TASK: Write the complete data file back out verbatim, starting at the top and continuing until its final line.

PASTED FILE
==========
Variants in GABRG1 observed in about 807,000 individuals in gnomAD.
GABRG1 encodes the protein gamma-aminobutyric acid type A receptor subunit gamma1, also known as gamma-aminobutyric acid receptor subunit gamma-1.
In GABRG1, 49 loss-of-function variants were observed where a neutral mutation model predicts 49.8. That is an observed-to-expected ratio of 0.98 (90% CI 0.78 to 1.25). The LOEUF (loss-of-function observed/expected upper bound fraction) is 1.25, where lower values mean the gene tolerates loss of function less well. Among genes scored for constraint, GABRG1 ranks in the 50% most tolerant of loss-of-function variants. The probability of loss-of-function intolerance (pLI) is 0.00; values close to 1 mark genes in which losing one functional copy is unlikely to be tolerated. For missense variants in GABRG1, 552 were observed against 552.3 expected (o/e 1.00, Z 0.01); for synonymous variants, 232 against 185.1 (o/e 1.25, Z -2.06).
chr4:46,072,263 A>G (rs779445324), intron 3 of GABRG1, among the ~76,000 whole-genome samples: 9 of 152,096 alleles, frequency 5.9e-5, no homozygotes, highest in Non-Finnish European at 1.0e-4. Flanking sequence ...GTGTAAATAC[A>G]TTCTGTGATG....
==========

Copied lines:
Variants in GABRG1 observed in about 807,000 individuals in gnomAD.
GABRG1 encodes the protein gamma-aminobutyric acid type A receptor subunit gamma1, also known as gamma-aminobutyric acid receptor subunit gamma-1.
In GABRG1, 49 loss-of-function variants were observed where a neutral mutation model predicts 49.8. That is an observed-to-expected ratio of 0.98 (90% CI 0.78 to 1.25). The LOEUF (loss-of-function observed/expected upper bound fraction) is 1.25, where lower values mean the gene tolerates loss of function less well. Among genes scored for constraint, GABRG1 ranks in the 50% most tolerant of loss-of-function variants. The probability of loss-of-function intolerance (pLI) is 0.00; values close to 1 mark genes in which losing one functional copy is unlikely to be tolerated. For missense variants in GABRG1, 552 were observed against 552.3 expected (o/e 1.00, Z 0.01); for synonymous variants, 232 against 185.1 (o/e 1.25, Z -2.06).
chr4:46,072,263 A>G (rs779445324), intron 3 of GABRG1, among the ~76,000 whole-genome samples: 9 of 152,096 alleles, frequency 5.9e-5, no homozygotes, highest in Non-Finnish European at 1.0e-4. Flanking sequence ...GTGTAAATAC[A>G]TTCTGTGATG....